Published on December 14, 2020 by Archana Kanojia
Good tactics can save even the worst strategy. Bad tactics will destroy even the best strategy.
- General George S Patton Jr.
The COVID-19 impact on the world economy
The coronavirus outbreak is slowly pushing economies into recession. The IMF expects the world economy to shrink by 4% in 2020, the lowest since the global depression of 1929. With 59.8m infections , we wonder what the recovery would be like and how long it will take for things to normalise
The following chart shows GDP data for the world and a few major economies from 1980 to 2020
Impact of lockdowns
In March 2020, WHO declared the coronavirus outbreak a pandemic, and governments across the globe were compelled to impose lockdowns and restrictions to contain the spread of the virus. This meant confining people to their homes and suspending economic activity. Some of the sectors worst hit by these measures were hospitality, real estate, oil and gas, transportation and apparel.
Winds of change:
Businesses were unprepared for the pandemic at first, but the digitalisation it led to made companies realise that they need to re-think their strategies to adjust to the new normal. However, with slow to zero economic activity and, thus, reduced cash inflow, they would need surplus cash to do so and modify operations.
In May 2020, Sanofi SA offloaded its investment in Regeneron Pharmaceuticals Inc. for USD11.1bn to adjust its drug pipeline
The role and reaction of private equity firms
Erring on the side of caution:
A number of private equity (PE) activities were impacted by the pandemic. PE exits have halted, and PE firms are cautious about their investments. The pandemic has affected their risk-taking ability, given the uncertainty about the future of business, with return-on-investment or cashflow estimates no longer a safe measure by which to gauge or project the market value of an investment.
Just as PE firms shifted course earlier in the year, they have shifted course recently towards a more blended form of investing that would ensure a minimum return on investment, namely convertible preferred stock.
Examples of recent investments:
In June 2020, US-based beauty company Coty Inc. sold USD750m worth of preferred shares to KKR, to finance its restructuring initiatives
In May 2020, Apollo Global Management and Silver Lake Partners provided “anchor funding” to Expedia Group, in the form of USD1.2bn worth of perpetual preferred stock, for Expedia to strengthen its liquidity position
In April 2020, KKR purchased USD500m worth of convertible preferred shares in US Foods Holding Corp. (a US-based firm providing catering services) to fortify its balance sheet until the situation improves
An emerging investing trend?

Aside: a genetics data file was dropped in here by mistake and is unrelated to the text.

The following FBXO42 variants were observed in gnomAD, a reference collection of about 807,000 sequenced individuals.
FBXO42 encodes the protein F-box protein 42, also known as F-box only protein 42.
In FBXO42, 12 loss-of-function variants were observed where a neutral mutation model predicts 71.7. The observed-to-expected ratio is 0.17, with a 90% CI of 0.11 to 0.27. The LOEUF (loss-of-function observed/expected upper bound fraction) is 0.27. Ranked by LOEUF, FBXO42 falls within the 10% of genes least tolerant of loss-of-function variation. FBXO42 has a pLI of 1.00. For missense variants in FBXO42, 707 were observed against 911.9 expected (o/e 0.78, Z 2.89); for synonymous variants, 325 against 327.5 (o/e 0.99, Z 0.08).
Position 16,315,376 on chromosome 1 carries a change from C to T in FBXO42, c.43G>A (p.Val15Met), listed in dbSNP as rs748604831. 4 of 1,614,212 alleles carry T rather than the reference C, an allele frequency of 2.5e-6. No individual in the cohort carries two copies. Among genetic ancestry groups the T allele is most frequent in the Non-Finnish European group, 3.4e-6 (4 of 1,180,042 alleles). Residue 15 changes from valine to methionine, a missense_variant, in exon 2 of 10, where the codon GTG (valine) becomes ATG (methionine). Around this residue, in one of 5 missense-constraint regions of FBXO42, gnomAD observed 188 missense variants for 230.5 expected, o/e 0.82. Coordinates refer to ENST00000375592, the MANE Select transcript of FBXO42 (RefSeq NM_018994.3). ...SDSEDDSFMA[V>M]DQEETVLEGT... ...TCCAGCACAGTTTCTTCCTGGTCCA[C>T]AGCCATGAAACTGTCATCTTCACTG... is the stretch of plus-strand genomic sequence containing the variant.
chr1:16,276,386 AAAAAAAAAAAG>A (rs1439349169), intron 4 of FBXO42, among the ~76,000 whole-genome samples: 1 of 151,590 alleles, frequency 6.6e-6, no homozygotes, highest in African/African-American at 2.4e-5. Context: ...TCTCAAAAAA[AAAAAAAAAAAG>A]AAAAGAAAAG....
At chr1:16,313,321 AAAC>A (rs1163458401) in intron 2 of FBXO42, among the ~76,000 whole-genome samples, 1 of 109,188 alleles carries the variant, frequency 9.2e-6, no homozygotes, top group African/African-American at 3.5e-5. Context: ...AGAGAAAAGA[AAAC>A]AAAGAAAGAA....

With valuations taking a hitamid the current scenario, PE firms have considered switching from pure-play equity to interest-bearing convertibles that have the potential to ensure a minimum return on investment. This could prove to be advantageous to PE firms:
A win-win scenario:
Create thriving enterprises:
Agreed, the times are tough and companies are struggling to survive. However, supporting them through a blended capital investment (and not entirely through equity since there is a risk element involved) could help them restructure their business operations and maybe flourish in the foreseeable future. This is where PE firms can play a critical role, as they are known to create thriving enterprises through appropriate capital injection.
Turn calamity into opportunity:
Adopting a blended investment approach can safeguard PE investments from the effects of an unexpected event, as having a convertible or fixed risk-adjusted investment plan could ensure some safety of return and depending on this, investments could be converted. Thus, the PE firm could continue with fundraising and investing, without having to worry about returns, even in a distressed scenario.
PE firms have significant amounts of capital and see an opportunity to deploy large chunks of it for good risk-adjusted returns.
How Acuity Knowledge Partners can help
We have a strong track record of assisting our global PE clients with a number services including portfolio valuation, portfolio management, collateral management, RFP services, and other PE verticals such as investor relations and business development.
For more relevant offerings, please visit our Solutions page.
To help our clients navigate both the people and business impact of the crisis, we have created a dedicated hub of topics including our latest insights, thought-leadership content and action-oriented guides and best practices.
https://www.mckinsey.com/~/media/McKinsey/Industries/Private%20 Equity%20and%20Principal%20Investors/Our%20Insights/ Private%20equity%20and%20the%20new%20reality%20of%20 coronavirus/Private-equity-and-the-new-reality-of-coronavirus-vF.pdf
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About the Author
Archana Kanojia started her career with Acuity Knowledge Partners in 2010. She currently provides oversight to various teams assisting client business development teams’ in proposals drafting, managing proposal content, lead generation and consultant databases. Previously, she provided oversight to teams that assisted clients to set up fund databases for private equity funds of funds, analyzing private equity (PE) firms and their funds from an investment standpoint, and also extended investment support to PE firms through industry studies, information memoranda and similar activities.
Archana holds a Post Graduate in Business Management with a specialization in Finance and Marketing from New Delhi Institute of Management, Delhi. She also holds a bachelor’s degree in Commerce (with honors) from Delhi University.
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